The other games in division two saw Kent see off Glamorgan at Cardiff. Darren Stevens, who bizarrely got warned for dangerous bowling at one point, took a sensational 6-26. One wonders how a man who bowls at sloth-pace can be deemed ‘dangerous’? Personally I reckon 65 mph beamers are good scoring opportunities more than anything else. Matt Henry also continued his good form with 8 wickets in the match.

Durham also registered a welcome win over Leics at Chester-le-Street. South Africa’s Aiden Markram, who looks a fine player to me, made 94 in a decisive opening partnership with young Cam Steel. Northern lad James Weighell sealed the win in the fourth innings with 7-32. Spare a thought for Leics’ Gavin Giffiths though. He took ten wickets in the match but still finished on the losing side.

The final game witnessed an eight-wicket win for table-topping Warwickshire over Derbs. Sometimes I think the Midlanders are a bit too good for this division. Derbs were out-gunned despite Wayne Madsen’s 144. Jeethan Patel took his usual hatful of wickets, and runs for Bell and Trott saw Warwickshire home.

Before I sign off I should mention that Jonathan Trott is retiring from all cricket at the end of the season. What a fantastic player he has been for both Warwickshire and England. I’d love to know what your favourite Trott moments are? His Ashes century on debut at The Oval will live long in the memory, as will his huge ton at Melbourne in partnership with Alastair Cook in 2010.

However, rather than pinpointing one particular moment, I’d like to highlight an interesting statistic instead. It’s Trott’s ODI record:  2819 runs at an average of 51. That’s more than Joe Root and the sixth highest career average of all time. It’s amazing when you think about it, especially as so many people used to moan about him.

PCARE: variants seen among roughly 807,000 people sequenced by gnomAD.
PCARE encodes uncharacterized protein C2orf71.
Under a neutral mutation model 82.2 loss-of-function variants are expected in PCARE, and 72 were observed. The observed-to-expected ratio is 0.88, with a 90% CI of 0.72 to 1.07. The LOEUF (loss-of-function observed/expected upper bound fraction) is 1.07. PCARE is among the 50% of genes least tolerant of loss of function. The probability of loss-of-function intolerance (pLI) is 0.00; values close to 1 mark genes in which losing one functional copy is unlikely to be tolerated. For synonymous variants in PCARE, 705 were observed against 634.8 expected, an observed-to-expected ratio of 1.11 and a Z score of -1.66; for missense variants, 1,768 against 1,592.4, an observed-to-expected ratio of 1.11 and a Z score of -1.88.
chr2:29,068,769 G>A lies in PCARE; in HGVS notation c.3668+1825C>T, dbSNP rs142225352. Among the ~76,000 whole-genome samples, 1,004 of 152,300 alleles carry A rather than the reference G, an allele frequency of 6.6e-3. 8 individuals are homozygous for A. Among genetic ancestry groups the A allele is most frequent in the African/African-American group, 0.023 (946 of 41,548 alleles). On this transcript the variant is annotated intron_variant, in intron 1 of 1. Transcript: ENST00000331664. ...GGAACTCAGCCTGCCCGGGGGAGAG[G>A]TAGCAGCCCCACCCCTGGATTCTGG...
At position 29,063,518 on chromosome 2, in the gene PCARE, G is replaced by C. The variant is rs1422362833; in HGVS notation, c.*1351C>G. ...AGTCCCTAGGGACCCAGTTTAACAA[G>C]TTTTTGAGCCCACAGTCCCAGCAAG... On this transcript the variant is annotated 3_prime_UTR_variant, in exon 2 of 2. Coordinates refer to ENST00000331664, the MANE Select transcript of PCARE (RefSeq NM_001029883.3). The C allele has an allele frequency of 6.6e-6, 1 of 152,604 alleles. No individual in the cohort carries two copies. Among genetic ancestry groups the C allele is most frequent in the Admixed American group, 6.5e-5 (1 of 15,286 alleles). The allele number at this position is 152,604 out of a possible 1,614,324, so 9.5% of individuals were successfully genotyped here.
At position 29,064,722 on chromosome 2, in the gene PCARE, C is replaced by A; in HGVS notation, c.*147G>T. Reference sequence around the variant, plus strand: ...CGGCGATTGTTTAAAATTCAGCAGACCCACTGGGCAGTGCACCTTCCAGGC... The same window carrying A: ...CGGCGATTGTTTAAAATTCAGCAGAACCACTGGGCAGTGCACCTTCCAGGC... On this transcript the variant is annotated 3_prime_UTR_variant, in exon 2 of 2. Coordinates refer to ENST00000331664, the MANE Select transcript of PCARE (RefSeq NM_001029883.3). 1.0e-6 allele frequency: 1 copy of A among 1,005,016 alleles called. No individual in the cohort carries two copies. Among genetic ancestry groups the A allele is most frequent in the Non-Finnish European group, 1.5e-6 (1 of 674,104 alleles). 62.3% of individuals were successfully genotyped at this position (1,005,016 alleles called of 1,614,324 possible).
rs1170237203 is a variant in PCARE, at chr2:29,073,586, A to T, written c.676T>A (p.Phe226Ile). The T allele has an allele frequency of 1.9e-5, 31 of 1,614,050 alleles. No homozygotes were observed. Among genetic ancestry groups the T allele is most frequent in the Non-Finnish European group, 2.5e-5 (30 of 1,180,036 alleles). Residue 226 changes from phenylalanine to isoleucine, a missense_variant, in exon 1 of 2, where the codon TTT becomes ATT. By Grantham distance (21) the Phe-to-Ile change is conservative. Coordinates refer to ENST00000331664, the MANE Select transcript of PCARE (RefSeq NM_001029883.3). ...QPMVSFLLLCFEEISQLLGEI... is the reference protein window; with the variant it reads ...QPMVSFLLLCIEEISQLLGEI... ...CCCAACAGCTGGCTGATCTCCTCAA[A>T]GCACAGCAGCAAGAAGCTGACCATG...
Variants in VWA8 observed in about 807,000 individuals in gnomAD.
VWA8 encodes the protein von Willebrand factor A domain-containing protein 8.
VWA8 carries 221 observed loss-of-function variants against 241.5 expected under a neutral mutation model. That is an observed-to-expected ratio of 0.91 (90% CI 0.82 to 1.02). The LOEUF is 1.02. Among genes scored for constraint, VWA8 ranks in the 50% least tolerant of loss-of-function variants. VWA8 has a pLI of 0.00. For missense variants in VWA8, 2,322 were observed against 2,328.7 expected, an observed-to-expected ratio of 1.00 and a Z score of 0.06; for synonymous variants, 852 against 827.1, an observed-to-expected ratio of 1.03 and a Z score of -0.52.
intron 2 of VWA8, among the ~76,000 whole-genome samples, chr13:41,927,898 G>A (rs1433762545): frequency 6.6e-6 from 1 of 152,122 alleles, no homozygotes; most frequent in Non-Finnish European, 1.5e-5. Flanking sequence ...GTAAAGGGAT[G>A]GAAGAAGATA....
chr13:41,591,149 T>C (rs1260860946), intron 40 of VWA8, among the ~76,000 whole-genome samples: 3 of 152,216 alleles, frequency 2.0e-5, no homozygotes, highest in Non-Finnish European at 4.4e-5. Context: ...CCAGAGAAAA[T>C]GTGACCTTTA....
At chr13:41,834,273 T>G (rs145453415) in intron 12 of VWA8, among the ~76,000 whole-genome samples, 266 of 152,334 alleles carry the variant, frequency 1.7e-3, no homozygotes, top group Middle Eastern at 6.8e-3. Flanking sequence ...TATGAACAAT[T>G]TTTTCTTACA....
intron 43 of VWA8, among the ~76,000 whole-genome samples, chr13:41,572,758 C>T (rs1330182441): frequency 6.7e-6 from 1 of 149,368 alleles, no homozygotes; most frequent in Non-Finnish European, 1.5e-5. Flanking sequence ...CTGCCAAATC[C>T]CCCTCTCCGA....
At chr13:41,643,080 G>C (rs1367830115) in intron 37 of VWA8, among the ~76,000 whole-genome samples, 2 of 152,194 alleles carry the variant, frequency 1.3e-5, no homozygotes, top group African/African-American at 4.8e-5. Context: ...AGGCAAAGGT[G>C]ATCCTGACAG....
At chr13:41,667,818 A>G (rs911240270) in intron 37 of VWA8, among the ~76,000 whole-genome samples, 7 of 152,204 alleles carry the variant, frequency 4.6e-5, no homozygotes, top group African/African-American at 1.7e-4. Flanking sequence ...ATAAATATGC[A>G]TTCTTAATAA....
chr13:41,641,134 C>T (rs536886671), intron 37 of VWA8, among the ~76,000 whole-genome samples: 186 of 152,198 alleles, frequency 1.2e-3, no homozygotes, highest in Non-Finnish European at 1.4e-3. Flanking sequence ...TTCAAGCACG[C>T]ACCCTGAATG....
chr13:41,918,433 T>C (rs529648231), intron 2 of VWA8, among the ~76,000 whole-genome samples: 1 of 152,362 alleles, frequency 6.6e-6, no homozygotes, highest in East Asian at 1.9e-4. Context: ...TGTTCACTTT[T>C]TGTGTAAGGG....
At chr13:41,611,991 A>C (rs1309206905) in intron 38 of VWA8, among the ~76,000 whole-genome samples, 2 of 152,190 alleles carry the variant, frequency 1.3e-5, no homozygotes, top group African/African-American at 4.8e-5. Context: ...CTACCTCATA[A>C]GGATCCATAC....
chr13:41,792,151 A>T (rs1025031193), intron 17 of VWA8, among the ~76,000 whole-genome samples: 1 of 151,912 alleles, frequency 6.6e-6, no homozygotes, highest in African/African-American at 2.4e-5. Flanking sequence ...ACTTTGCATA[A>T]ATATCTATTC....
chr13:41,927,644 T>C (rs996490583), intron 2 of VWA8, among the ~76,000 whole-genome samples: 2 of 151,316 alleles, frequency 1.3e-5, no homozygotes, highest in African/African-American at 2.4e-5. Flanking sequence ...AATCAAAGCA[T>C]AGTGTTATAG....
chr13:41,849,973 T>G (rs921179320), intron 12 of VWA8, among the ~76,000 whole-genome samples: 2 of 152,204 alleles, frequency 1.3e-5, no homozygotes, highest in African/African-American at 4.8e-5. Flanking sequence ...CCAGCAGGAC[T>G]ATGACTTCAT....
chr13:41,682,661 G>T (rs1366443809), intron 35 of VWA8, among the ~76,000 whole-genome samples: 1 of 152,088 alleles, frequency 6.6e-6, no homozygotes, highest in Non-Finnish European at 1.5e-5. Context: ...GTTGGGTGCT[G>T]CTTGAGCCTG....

Just for the record, the batsmen above Trott in career ODI averages are Ryan Ten Doeschate, AB De Villiers, Michael Bevan, and MS Dhoni. That’s pretty impressive company. And before you mention Trott’s strike-rate, I’d like to point out that he scored his runs faster than Bevan did. And many regard Bevan as possibly the best finisher of all time.

James Morgan

2018-05-08T12:27:47+00:00 May 8th, 2018|County Cricket|15 Comments

15 Comments

  1. Nick May 8, 2018 at 12:53 pm - Reply

    Certainly the Oval surface will divided opinion, four days without a rain delay and barely into the third innings,talk about a blank cheque for the batsmen. Personally I think that should trigger the pitch inspectors. Dan Norcross made a defence of such pitches in his match report for Cricinfo which is worth checking out.

    It raises an interesting debate, Burns has scored a lot of runs on that benign surface but is that better preperation for Test Cricket than playing on pitches where batsmen expect to be dismissed every ball

    • Doug M May 8, 2018 at 1:24 pm - Reply

      I saytthrough 4 days of the turgid Oval match The only highlight was Virdi getting 6 wickets on a pitch like a bowl of porridge. This sort of wicket doesn’t help a young inexperience d bowling attack and makes batsmen look like Don Bradman. Previous to this none of the top 6 Worcs batsmen had made 50. This is as bad as a 2day bunsen, which at least you get a result. Maybe the Oval square needs digging up and relaying.

  2. JackieL May 8, 2018 at 12:54 pm - Reply

    James there is something awful about your current round up. Do you really think the Championship only exists to produce Test players? What is missing is the taste of being at an actual game and the sheer pleasure of watching cricket winning or losing. I watched and still enjoyed being at the game at the Riverside even when Durham were being thrashed. Their turnaround is entirely due to the long format and of course fine weather. But the frenzy of those falling Leicestershire wickets is surely only heightened by the Durham mid order collapse which preceded it? In other words the glory of the game. We’re not just “selectors” are we? The County Championship in both divisions is brilliant.

    • James Morgan May 8, 2018 at 1:25 pm - Reply

      I love the championship, and everything is stands for, but I don’t really have time to go into detail on every match. Sorry. It’s impossible for me to follow every game and every county. A lot of people just look at the scores to see who is doing well.

      TFT has always focused on the England team, and the championship is supposed to be a breeding ground for that team, so I guess it’s only natural to concentrate on the talent available to England. Sorry if you’d like more depth but it’s just not possible with the time I have available (day job, family etc).